[The following contains spoilers from Disney+’s Secret Invasion.]
In every workplace, there are two types of people. There are those with impressive titles, whose clothes—be it their own or a uniform—are slightly flashier than everyone else’s, who are louder and more noticeable, and who always get, or take, all the credit. They’re the Avengers.
And then there are the people without whom the workplace would fall apart. They’re quietly brilliant at what they do, loyal, clever and work really, really hard. And they do it all day in, day out and almost invisibly. They’re Maria Hill.
Since her first appearance in the Marvel Cinematic Universe in 2012’s Avengers, Maria Hill (Cobie Smulders) has been seen in around half a dozen of the MCU’s films and TV shows, from Agents Of S.H.I.E.L.D. to Spider-Man: Homecoming.
She’s been essential during that time, from being trusted with some of Nick Fury’s (Samuel L Jackson) biggest secrets, like his use of Project T.A.H.I.T.I. to bring Phil Coulson back to life, to coming to the rescue of various Avengers, and just being an all around solid backbone through years of messy superhero/civilian politics and shenanigans.
Were it not for Hill’s rescue, Steve Rogers, Sam Wilson, and Black Widow might well have died at the hands of Brock Rumlow and HYDRA in Captain America: The Winter Soldier. She held her own during Ultron’s initial attack on the Avengers facility in Avengers: Age Of Ultron, being the first to load her gun and joining in as the Avengers attempted to destroy Ultron, even though she doesn’t have healing powers or super speed or incredible physical strength.
And there’s much, much more: She’s great at staying calm in fraught situations, she’s never afraid to get in the middle of a battle, and she can fight. She’s basically a superhero, just without superpowers.
Hill’s roles in the MCU’s various properties have generally been small, partly because for a number of years Smulders’ other filming commitments (like How I Met Your Mother) kept her from taking on something bigger. Even if she had been available to film a lot more, it’s highly unlikely in the early days of the MCU that she would have been given much more to do, given that, well, she’s a woman and the MCU hasn’t historically been great at valuing women (see: Black Widow) or showing us their nuances (see: also Black Widow).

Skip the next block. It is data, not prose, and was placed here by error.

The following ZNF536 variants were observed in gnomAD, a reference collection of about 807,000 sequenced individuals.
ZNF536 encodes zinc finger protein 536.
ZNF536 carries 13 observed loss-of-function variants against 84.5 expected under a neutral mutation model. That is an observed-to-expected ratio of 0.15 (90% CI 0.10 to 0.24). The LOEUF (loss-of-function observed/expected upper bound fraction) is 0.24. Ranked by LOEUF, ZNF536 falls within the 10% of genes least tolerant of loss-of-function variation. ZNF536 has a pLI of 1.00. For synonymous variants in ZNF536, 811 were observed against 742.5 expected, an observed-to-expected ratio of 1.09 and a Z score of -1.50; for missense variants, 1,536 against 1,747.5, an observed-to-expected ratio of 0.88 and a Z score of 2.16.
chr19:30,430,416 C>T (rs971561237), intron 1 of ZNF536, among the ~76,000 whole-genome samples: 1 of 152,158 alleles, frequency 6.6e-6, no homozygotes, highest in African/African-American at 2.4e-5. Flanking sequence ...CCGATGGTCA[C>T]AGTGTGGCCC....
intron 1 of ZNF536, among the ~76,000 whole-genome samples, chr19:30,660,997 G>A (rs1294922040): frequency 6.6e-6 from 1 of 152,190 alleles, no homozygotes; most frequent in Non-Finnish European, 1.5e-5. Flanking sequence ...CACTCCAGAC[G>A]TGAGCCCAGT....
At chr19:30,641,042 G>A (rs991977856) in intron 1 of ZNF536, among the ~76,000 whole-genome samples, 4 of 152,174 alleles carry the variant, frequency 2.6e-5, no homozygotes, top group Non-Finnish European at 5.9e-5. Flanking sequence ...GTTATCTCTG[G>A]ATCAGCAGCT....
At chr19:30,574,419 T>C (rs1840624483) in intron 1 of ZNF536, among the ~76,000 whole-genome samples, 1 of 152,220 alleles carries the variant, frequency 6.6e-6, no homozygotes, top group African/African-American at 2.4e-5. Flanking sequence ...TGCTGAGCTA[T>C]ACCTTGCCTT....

But Secret Invasion was supposed to be the show that finally gave Maria Hill the development and due she should have been accorded, and for a moment, it seemed that it would come through. Hill was proactive and right in the thick of things (as she usually is) and taking on a leadership role. And then Fury happened.
While Hill has always been loyal to Fury, she’s never been afraid to question him, which makes her character even more essential and compelling. As far back as The Avengers, she was visibly skeptical of Fury throwing together a disparate group of superheroes in an unstable alliance. What’s more, she was perceptive enough to know that Fury was manipulating the Avengers with the (supposedly late) Coulson’s vintage trading cards, calling him out on it.
Years later, in Secret Invasion, her joy at welcoming Fury back to Earth is tempered by her concern for both an older, wearier Fury and the wider mission to stop a Skrull invasion.
“The Fury I knew was always three steps ahead,” Hill says to Fury over a chess game in episode one, revealing she only called him back to help at the request of Talos (Ben Mendelsohn). Fury, for all his talent and hard work, has been off-planet trying to come to terms with everything that happened before, during, and after The Blip. Hill has been on Earth, facing everything head on, and not afforded that time.
“Your lack of contact over the past few years sent a pretty clear message,” Hill continues in Secret Invasion. “You’re not ready for this, Fury. There’s a very real threat out there. You were never the same after The Blip. You always told me there is no shame in walking away when the steps are uncertain. So check your footing, otherwise someone’s going to get hurt.”
Her words, of course, are prescient. Fury walked away, but his return does lead to someone getting hurt, and of course, it’s Hill. In the final battle of Secret Invasion’s first episode, Hill is shot by the Skull Gravik (Kingsley Ben-Adir). To make it all just that much crueler, at the time he’s disguised as Nick Fury: her mentor, her colleague, her friend.
Fridging, and the fridging of women characters especially, is a trope that should long ago have been left in the past. The idea that the MCU pulled it out again (after doing it to Scarlett Johanssen’s Black Widow in Avengers: Endgame) is anger-inducing. Dying in the way Hill did is a sad and unfitting end for a character who gave and gave and gave to Fury.
But perhaps it was inevitable. In the workplace, the loyal employees who keep everything running are rarely rewarded. Instead, they work and work and work until they burn out or come to the realization that they need to leave, because The Man is not going to value them unless they value themselves. Maria Hill was never appreciated enough within the MCU, and she never had the chance to get out and live her own life or show us who she was beyond work. And that? That will always be a tragedy.